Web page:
In the twelfth chapter, Mely Caballero-Anthony deals with issues that have not been the focus of international relations literature during the past four decades, because they were not core security issues. During the past decade, the world has discovered that nontraditional security (NTS) issues are harmful, and that national boundaries are not safe enough against diseases that erupt in other states. The SARS epidemic changed the attitude of Asian states toward the need to cooperate to prevent SARS from spreading. Caballero-Anthony even mentions the H5N1 virus as a disease with pandemic scale potential (p. 310). Almost a year later, the H1N1 virus (Swine Flu) has become the new global NTS threat with the potential of causing damage to the region. More should be done with the assistance of the World Health Organization to help mainly the poor countries in the region to prepare themselves against the new NTS health threats. This chapter clarifies that diseases are not the only NTS threats. Natural disasters (such as tsunamis), international crime, terrorism, and poverty are additional NTS threats that the region and its institutions must deal with.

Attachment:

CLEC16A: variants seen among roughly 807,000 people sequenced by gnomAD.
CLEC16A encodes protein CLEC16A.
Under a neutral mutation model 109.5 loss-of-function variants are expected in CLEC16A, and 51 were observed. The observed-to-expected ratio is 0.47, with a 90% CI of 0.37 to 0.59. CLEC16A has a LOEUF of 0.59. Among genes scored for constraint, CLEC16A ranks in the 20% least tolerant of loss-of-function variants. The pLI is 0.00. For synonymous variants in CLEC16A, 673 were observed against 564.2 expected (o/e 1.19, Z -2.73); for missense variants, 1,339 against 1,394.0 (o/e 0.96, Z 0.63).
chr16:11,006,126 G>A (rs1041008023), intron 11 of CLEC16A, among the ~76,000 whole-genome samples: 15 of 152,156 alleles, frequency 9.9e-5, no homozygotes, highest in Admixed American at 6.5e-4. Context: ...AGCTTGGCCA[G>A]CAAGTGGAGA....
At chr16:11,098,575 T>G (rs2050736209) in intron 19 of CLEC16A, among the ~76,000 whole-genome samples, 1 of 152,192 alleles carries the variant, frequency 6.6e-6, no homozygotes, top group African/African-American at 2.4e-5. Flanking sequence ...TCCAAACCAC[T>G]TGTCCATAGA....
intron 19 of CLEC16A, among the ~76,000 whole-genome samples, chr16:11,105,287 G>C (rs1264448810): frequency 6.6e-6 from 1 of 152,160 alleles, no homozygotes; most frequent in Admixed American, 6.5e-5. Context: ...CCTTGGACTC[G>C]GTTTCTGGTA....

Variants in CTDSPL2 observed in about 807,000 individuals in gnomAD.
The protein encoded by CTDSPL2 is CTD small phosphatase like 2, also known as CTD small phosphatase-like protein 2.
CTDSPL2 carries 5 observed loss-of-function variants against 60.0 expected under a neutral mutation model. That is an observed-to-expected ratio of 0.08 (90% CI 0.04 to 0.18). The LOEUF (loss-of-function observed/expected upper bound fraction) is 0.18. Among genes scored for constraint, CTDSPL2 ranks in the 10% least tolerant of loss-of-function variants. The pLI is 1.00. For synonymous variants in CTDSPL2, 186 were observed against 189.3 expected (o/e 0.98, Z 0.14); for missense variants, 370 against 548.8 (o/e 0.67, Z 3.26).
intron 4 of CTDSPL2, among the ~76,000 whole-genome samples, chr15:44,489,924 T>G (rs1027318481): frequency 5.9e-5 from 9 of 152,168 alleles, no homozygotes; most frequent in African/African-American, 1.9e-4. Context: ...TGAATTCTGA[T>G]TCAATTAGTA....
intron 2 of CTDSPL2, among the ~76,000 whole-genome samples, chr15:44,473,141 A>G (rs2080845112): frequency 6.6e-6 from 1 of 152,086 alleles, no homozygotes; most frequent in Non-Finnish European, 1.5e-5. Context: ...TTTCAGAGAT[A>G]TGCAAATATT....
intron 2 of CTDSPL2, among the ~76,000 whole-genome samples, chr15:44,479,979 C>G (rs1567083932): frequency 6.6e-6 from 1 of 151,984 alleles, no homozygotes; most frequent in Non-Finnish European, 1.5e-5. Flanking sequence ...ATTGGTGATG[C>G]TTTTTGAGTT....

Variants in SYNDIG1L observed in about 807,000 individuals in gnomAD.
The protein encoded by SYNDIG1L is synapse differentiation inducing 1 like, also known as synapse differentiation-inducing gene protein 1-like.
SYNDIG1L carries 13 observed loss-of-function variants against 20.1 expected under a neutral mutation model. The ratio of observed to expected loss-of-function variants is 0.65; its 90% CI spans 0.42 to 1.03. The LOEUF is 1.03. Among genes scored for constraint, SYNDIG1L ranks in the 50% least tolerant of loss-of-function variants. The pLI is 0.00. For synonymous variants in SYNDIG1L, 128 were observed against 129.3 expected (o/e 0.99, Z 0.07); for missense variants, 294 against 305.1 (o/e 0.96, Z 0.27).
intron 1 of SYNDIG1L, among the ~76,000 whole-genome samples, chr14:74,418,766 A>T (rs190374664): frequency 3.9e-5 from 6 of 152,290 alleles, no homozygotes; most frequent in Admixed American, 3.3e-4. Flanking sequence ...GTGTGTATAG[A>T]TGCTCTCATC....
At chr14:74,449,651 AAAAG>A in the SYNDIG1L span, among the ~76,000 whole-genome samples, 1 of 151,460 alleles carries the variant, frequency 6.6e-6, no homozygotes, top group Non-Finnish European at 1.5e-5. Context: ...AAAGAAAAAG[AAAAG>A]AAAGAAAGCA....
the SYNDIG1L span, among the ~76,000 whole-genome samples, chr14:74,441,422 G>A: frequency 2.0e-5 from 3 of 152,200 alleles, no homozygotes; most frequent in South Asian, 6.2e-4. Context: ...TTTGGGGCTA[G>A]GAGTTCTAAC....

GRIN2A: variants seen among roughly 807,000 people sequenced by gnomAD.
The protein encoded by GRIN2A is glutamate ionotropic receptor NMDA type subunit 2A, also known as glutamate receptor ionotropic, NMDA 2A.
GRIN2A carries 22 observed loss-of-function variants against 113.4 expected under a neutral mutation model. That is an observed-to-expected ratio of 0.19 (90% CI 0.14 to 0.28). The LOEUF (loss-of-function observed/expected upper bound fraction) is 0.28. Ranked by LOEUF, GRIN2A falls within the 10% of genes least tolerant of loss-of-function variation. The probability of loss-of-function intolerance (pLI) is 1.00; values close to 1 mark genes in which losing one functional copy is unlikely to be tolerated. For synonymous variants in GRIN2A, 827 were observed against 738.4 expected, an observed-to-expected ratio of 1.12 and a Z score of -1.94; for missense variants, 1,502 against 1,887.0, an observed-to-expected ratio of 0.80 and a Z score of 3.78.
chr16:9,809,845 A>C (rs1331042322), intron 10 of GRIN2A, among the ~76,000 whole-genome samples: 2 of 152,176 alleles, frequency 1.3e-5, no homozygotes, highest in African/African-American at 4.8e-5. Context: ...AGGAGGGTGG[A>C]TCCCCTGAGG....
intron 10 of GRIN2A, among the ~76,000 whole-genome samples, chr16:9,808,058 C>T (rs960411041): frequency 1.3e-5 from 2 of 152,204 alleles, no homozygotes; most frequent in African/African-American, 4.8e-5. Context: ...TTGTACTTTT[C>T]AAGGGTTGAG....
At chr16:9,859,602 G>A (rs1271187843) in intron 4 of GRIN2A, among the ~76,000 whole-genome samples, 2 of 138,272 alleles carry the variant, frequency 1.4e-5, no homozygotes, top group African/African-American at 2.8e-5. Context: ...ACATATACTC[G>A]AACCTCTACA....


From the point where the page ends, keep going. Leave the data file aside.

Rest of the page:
This edited volume is an excellent textbook for students and scholars in international relations, political science, and Asian studies, and even for diplomats and policy makers. It gives readers a broader perspective of the Asian region and a glimpse at the complexity of some of the issues that the states in the region face.
Ying Zhu looks at new developments for Chinese and global streaming services.
David Zweig examines China's talent recruitment efforts, particularly towards those scientists and engineers who left China for further study. U.S. universities, labs and companies have long brought in talent from China. Are such people still welcome?